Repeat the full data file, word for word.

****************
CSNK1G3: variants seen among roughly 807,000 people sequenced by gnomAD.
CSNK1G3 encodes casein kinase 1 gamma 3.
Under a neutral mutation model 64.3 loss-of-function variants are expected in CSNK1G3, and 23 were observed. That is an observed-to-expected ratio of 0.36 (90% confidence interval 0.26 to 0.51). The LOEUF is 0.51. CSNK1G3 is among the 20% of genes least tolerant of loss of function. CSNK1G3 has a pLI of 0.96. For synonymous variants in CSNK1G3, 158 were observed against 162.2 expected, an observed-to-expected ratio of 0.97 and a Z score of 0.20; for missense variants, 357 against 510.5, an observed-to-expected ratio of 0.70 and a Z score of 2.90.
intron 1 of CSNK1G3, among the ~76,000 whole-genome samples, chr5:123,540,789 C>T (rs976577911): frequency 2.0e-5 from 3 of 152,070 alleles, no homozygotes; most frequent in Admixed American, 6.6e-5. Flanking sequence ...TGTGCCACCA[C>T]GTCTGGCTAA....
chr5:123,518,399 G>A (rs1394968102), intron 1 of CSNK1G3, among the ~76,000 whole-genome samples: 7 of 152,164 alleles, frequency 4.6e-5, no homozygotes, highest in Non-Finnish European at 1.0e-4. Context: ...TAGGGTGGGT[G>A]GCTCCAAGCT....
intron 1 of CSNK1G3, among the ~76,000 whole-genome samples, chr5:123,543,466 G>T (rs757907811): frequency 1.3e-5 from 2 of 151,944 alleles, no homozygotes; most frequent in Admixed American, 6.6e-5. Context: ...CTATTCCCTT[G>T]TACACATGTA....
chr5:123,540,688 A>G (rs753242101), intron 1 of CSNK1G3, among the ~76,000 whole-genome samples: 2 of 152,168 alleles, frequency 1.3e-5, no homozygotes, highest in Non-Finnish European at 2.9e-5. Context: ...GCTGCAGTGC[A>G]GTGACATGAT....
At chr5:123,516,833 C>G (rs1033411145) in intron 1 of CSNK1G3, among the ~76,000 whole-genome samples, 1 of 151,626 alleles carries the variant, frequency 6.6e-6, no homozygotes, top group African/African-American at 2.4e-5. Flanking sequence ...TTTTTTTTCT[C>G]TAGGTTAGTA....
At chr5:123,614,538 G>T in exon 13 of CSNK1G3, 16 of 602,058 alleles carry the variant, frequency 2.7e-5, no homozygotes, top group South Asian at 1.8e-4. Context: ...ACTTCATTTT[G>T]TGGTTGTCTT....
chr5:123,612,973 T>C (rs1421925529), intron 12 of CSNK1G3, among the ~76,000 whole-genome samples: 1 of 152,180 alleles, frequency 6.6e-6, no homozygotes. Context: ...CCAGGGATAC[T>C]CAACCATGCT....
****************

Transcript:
CSNK1G3: variants seen among roughly 807,000 people sequenced by gnomAD.
CSNK1G3 encodes casein kinase 1 gamma 3.
Under a neutral mutation model 64.3 loss-of-function variants are expected in CSNK1G3, and 23 were observed. That is an observed-to-expected ratio of 0.36 (90% confidence interval 0.26 to 0.51). The LOEUF is 0.51. CSNK1G3 is among the 20% of genes least tolerant of loss of function. CSNK1G3 has a pLI of 0.96. For synonymous variants in CSNK1G3, 158 were observed against 162.2 expected, an observed-to-expected ratio of 0.97 and a Z score of 0.20; for missense variants, 357 against 510.5, an observed-to-expected ratio of 0.70 and a Z score of 2.90.
intron 1 of CSNK1G3, among the ~76,000 whole-genome samples, chr5:123,540,789 C>T (rs976577911): frequency 2.0e-5 from 3 of 152,070 alleles, no homozygotes; most frequent in Admixed American, 6.6e-5. Flanking sequence ...TGTGCCACCA[C>T]GTCTGGCTAA....
chr5:123,518,399 G>A (rs1394968102), intron 1 of CSNK1G3, among the ~76,000 whole-genome samples: 7 of 152,164 alleles, frequency 4.6e-5, no homozygotes, highest in Non-Finnish European at 1.0e-4. Context: ...TAGGGTGGGT[G>A]GCTCCAAGCT....
intron 1 of CSNK1G3, among the ~76,000 whole-genome samples, chr5:123,543,466 G>T (rs757907811): frequency 1.3e-5 from 2 of 151,944 alleles, no homozygotes; most frequent in Admixed American, 6.6e-5. Context: ...CTATTCCCTT[G>T]TACACATGTA....
chr5:123,540,688 A>G (rs753242101), intron 1 of CSNK1G3, among the ~76,000 whole-genome samples: 2 of 152,168 alleles, frequency 1.3e-5, no homozygotes, highest in Non-Finnish European at 2.9e-5. Context: ...GCTGCAGTGC[A>G]GTGACATGAT....
At chr5:123,516,833 C>G (rs1033411145) in intron 1 of CSNK1G3, among the ~76,000 whole-genome samples, 1 of 151,626 alleles carries the variant, frequency 6.6e-6, no homozygotes, top group African/African-American at 2.4e-5. Flanking sequence ...TTTTTTTTCT[C>G]TAGGTTAGTA....
At chr5:123,614,538 G>T in exon 13 of CSNK1G3, 16 of 602,058 alleles carry the variant, frequency 2.7e-5, no homozygotes, top group South Asian at 1.8e-4. Context: ...ACTTCATTTT[G>T]TGGTTGTCTT....
chr5:123,612,973 T>C (rs1421925529), intron 12 of CSNK1G3, among the ~76,000 whole-genome samples: 1 of 152,180 alleles, frequency 6.6e-6, no homozygotes. Context: ...CCAGGGATAC[T>C]CAACCATGCT....